MOZILLA FOUNDATION AWARDS BUG BOUNTIES
Michael Krax credited with five bug bounty submissions
March 28, 2005, (Mountain View, CA). The Mozilla Foundation, a non-profit organization dedicated to promoting choice and innovation on the Internet, today demonstrated its commitment to preserving a safe and secure Internet experience by awarding "bug bounties," a cash prize for users who identify previously unknown security bugs in the open source software. Michael Krax, from Germany, received five bug bounties for a total of $2,500. The bugs identified by Krax related to chrome privileges.
"We developed the bug bounty program to encourage and award community members who identify unknown bugs in the software," said Chris Hofmann, director of engineering for the Mozilla Foundation. "This program is one of the many ways the Mozilla Foundation produces safe and secure software for its users."
The Bug Bounty program was founded in 2004 with funding from Linspire and Mark Shuttleworth. Since its inception the Mozilla Foundation has awarded bug bounties to five participants.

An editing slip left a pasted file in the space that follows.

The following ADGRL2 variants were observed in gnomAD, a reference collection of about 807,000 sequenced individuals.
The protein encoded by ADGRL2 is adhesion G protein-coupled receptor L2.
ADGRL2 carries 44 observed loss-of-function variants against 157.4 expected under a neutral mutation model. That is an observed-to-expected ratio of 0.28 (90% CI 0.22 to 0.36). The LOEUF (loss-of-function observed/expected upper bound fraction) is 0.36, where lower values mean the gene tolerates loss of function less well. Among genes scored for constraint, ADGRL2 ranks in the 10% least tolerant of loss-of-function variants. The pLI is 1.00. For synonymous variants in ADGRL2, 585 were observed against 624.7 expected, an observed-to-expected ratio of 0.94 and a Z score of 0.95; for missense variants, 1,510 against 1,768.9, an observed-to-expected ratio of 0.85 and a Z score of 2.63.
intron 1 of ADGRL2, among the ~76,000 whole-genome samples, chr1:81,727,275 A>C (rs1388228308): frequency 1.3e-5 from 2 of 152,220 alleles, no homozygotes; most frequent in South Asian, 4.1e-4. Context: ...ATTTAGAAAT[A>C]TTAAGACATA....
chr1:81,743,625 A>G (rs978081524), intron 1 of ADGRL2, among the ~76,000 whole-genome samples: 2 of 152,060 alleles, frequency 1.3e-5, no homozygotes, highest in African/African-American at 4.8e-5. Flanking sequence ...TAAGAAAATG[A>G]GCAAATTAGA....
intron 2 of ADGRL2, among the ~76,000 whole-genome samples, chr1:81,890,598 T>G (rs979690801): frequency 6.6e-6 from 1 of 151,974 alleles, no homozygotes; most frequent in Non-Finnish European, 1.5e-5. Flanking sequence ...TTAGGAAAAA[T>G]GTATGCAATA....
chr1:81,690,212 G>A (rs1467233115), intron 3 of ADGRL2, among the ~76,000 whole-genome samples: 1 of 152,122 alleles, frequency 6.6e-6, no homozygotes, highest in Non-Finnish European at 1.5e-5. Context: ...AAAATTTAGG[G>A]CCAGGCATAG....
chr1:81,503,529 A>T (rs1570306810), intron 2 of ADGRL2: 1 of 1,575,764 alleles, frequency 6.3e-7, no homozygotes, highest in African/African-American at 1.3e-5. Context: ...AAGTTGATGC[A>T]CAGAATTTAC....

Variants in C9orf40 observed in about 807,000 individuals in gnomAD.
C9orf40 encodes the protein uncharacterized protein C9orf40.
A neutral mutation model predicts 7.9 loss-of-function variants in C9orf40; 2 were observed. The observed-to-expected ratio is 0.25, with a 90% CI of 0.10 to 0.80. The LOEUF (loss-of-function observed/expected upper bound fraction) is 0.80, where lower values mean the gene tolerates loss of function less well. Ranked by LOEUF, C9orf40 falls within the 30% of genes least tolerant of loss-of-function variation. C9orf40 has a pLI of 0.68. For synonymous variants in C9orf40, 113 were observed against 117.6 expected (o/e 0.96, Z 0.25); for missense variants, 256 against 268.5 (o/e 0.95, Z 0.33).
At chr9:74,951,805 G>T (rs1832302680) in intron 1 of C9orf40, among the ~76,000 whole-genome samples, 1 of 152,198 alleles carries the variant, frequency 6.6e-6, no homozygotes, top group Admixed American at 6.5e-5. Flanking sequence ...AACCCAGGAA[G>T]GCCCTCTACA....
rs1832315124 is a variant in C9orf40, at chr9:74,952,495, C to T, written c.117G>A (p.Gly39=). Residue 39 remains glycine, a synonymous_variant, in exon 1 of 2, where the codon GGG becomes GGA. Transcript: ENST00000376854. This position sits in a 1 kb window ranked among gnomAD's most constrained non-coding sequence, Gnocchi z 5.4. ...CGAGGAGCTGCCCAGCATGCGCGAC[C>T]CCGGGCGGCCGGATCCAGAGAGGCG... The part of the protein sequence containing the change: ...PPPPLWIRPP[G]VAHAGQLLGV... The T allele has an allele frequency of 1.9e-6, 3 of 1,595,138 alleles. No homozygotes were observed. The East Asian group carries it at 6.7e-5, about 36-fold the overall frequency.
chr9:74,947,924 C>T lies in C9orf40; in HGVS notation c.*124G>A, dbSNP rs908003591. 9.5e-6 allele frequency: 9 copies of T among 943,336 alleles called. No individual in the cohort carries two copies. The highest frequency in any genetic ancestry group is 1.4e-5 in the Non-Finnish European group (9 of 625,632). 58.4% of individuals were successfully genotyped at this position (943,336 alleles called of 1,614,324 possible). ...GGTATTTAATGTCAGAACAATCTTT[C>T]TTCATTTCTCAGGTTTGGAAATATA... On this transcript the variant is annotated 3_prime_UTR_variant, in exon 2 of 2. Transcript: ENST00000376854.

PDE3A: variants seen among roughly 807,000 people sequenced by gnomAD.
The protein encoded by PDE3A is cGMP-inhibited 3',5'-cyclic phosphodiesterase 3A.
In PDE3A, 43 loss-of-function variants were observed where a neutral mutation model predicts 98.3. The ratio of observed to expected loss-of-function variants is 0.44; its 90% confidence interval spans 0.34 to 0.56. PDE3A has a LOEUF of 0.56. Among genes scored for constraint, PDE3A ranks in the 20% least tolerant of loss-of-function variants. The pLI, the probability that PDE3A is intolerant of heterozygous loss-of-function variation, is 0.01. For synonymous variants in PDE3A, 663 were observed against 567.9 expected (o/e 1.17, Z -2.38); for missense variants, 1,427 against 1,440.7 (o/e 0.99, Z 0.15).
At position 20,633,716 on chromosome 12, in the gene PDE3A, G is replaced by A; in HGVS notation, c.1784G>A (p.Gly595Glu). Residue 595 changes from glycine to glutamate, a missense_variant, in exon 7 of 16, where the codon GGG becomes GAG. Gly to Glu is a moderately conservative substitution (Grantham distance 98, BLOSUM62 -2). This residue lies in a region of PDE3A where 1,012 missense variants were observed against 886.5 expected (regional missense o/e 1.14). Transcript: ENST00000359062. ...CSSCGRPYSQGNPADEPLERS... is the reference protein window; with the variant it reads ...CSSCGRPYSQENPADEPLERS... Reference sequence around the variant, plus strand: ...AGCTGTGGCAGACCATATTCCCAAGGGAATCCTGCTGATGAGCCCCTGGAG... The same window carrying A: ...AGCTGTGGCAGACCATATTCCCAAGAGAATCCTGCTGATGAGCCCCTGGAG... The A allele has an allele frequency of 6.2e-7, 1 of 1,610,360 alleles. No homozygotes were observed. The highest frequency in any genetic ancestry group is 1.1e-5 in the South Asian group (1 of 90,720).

Firefox has been widely praised for its stability, trustworthiness and innovative features including tabbed browsing, live bookmarks, built-in pop-up blocking, and hundreds of available extensions. SC Magazine, a leading security magazine, recently awarded the Mozilla Foundation with its Editor in Chief award. The browser has been downloaded more that 30 million times and is available in 28 languages.
ABOUT THE MOZILLA FOUNDATION
Established in July 2003, the Mozilla Foundation is a non-profit organization hosting a collection of leading innovators whose mission is to preserve choice and innovation on the Internet. The Foundation provides organizational, legal, and financial support for the Mozilla open source software project. The Foundation is based in Mountain View, California. Learn more about the Mozilla Foundation at www.mozilla.org.